*probable*) it is an event will happen. For example, it tells us that when a die is rolled, the probability of rolling a

**1**is

**. It tells us that when a die is rolled, the probability of rolling a**

^{1}⁄_{6}**6**is

**. Imagine we wanted to find the probability of rolling a**

^{1}⁄_{6}*1*

**or**rolling a

*6*.

## The Addition Rule

To find a probability of one event**or**another event...

Probability of 1

...replace the **or**Probability of 6**or**with a

**+**...

Probability of 1

This is the addition rule.
**+**Probability of 6## How to Find the Probability of an Event __or__ Another Event

## Question

What is the probability of rolling a**1**or rolling a

**6**on a die?

## Step-by-Step:

## 1

Write down what we are trying to find out.

Probability of rolling a 1

**or**Probability of rolling a 6## 2

Replace

**or**with**+**.
Probability of rolling a 1

**+**Probability of rolling a 6## 3

## 4

Find the probability of rolling a

**6**. The probability of rolling a**6**is**.**^{1}⁄_{6}## 5

Substitute the probability of rolling a 1 (

^{1}⁄_{6}) and rolling a 6 (^{1}⁄_{6}) into the formula.^{1}⁄

_{6}

**+**

^{1}⁄

_{6}=

^{2}⁄

_{6}

## Answer:

The probability of rolling a**1**and rolling a

**6**is

^{2}⁄

_{6}.

## A Formula for the Addition Rule of Probability

The formula for finding the probability of event**A**event

__or__**B**is shown below:

Let's use the formula in an example.

## Question

A spinner will spin and come to rest pointing at a colour.What is the probability of the spinner pointing at red or blue?

## Step-by-Step:

## 1

Start with the formula.

P(A or B) = P(A) + P(B)

## 2

Define the events in our example.

- Let
**R**be the event of the spinner coming to rest at Red.**P(R)**is the probability of spinning Red. - Let
**B**be the event of the spinner coming to rest at Blue.**P(B)**is the probability of spinning Blue.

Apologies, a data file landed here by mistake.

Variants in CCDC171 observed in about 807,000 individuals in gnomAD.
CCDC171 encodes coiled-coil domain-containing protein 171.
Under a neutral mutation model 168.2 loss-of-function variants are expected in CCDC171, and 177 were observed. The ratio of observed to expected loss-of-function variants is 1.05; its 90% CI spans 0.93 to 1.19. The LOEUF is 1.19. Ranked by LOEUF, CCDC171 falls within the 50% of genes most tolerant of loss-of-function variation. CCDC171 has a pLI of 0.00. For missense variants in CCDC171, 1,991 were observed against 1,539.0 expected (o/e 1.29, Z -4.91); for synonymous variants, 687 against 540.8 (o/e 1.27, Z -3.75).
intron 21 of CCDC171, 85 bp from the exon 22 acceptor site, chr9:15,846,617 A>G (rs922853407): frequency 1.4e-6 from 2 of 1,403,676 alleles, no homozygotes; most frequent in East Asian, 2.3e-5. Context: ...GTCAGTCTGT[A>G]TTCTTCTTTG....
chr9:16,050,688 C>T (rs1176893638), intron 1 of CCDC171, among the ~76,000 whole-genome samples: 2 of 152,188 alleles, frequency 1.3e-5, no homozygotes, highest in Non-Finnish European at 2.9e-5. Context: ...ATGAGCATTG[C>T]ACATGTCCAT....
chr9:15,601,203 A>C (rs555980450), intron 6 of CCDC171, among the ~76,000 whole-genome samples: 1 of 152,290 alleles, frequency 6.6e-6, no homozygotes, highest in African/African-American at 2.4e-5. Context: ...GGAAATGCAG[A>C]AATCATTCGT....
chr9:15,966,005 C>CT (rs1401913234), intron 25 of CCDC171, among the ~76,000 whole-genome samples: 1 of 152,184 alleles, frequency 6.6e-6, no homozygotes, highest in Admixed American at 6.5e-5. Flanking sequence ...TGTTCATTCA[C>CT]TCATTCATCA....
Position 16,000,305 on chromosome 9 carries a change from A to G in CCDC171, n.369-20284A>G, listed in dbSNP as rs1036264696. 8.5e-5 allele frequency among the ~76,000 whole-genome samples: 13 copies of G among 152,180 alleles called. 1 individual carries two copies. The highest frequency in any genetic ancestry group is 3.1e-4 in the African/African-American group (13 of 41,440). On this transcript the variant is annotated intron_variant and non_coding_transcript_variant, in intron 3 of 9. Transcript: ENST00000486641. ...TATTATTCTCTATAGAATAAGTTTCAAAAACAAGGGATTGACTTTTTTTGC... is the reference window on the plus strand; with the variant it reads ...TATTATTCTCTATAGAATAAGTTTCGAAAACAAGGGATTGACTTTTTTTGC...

P(R and B) = P(R) + P(B)

## 3

Find the probability of the spinner coming to rest at Red.
There are

...out of

**2**ways of the spinner stopping at**Red**......out of

**8**equally probable outomes. The probability of the spinner stopping at**Red**is**.**^{2}⁄_{8}**P(R) =**.^{2}⁄_{8}## 4

Find the probability of the spinner stopping at

**Blue**. There are**3**ways of the spinner stopping at**Blue**our of**8**equally probably outcomes. The probability of the spinner stopping at**Blue**is**.**^{3}⁄_{8}**P(B) =**.^{3}⁄_{8}## 5

Substitute the probability of spinning a Red and the probability of spinning a Blue into the formula.

P(R or B) = ^{2}⁄_{8} + ^{3}⁄_{8}

P(R or B) = ^{5}⁄_{8}

## 6

Simplify the fraction if possible. (The fraction in our example is already as simple as possible).

## Answer:

The probability of spinning a**Red**or a

**Blue**is

^{5}⁄

_{8}. We have expressed the probability as a fraction. We can also express this as a number (0.625) or a percentage (62.5%).

## Top Tip

## Or = +

*P(A*=

**or**B)*P(A)*

**+**P(B)**or**=

**+**

## Beware

## The Addition Rule Is for Mutually Exclusive Events

The addition rule works for mutually exclusive events.## Note

## A Note on Notation

The probability of an event can be written as:*P(Event)*

**H**be the event that a coin lands on

**H**eads when it has been tossed. We can denote the probability of getting heads as:

*P(H)*

## You might also like...

probabilityunderstanding mutually exclusive eventsunderstanding complementary eventsunderstanding tree diagrams

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